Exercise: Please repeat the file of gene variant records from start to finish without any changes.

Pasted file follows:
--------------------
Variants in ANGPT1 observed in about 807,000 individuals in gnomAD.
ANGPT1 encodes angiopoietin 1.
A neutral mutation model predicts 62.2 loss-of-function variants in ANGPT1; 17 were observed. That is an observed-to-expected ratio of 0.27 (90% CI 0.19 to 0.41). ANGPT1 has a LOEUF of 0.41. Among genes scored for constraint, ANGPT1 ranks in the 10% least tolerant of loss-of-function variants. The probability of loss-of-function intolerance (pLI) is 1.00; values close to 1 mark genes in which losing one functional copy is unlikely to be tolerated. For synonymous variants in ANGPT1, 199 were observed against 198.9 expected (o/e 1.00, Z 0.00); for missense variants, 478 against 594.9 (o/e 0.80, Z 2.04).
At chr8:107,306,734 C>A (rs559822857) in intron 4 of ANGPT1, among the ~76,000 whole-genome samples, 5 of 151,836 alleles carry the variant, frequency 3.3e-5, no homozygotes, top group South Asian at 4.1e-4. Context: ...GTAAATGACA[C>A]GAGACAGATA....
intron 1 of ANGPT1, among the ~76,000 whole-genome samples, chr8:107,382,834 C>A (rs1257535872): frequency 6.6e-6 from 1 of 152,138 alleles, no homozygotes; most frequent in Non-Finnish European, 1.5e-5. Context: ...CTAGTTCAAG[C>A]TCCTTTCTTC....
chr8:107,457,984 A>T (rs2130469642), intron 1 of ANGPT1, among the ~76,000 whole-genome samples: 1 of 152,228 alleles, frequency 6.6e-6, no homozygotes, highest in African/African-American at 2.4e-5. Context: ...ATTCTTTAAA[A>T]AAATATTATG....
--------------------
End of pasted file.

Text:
Variants in ANGPT1 observed in about 807,000 individuals in gnomAD.
ANGPT1 encodes angiopoietin 1.
A neutral mutation model predicts 62.2 loss-of-function variants in ANGPT1; 17 were observed. That is an observed-to-expected ratio of 0.27 (90% CI 0.19 to 0.41). ANGPT1 has a LOEUF of 0.41. Among genes scored for constraint, ANGPT1 ranks in the 10% least tolerant of loss-of-function variants. The probability of loss-of-function intolerance (pLI) is 1.00; values close to 1 mark genes in which losing one functional copy is unlikely to be tolerated. For synonymous variants in ANGPT1, 199 were observed against 198.9 expected (o/e 1.00, Z 0.00); for missense variants, 478 against 594.9 (o/e 0.80, Z 2.04).
At chr8:107,306,734 C>A (rs559822857) in intron 4 of ANGPT1, among the ~76,000 whole-genome samples, 5 of 151,836 alleles carry the variant, frequency 3.3e-5, no homozygotes, top group South Asian at 4.1e-4. Context: ...GTAAATGACA[C>A]GAGACAGATA....
intron 1 of ANGPT1, among the ~76,000 whole-genome samples, chr8:107,382,834 C>A (rs1257535872): frequency 6.6e-6 from 1 of 152,138 alleles, no homozygotes; most frequent in Non-Finnish European, 1.5e-5. Context: ...CTAGTTCAAG[C>A]TCCTTTCTTC....
chr8:107,457,984 A>T (rs2130469642), intron 1 of ANGPT1, among the ~76,000 whole-genome samples: 1 of 152,228 alleles, frequency 6.6e-6, no homozygotes, highest in African/African-American at 2.4e-5. Context: ...ATTCTTTAAA[A>T]AAATATTATG....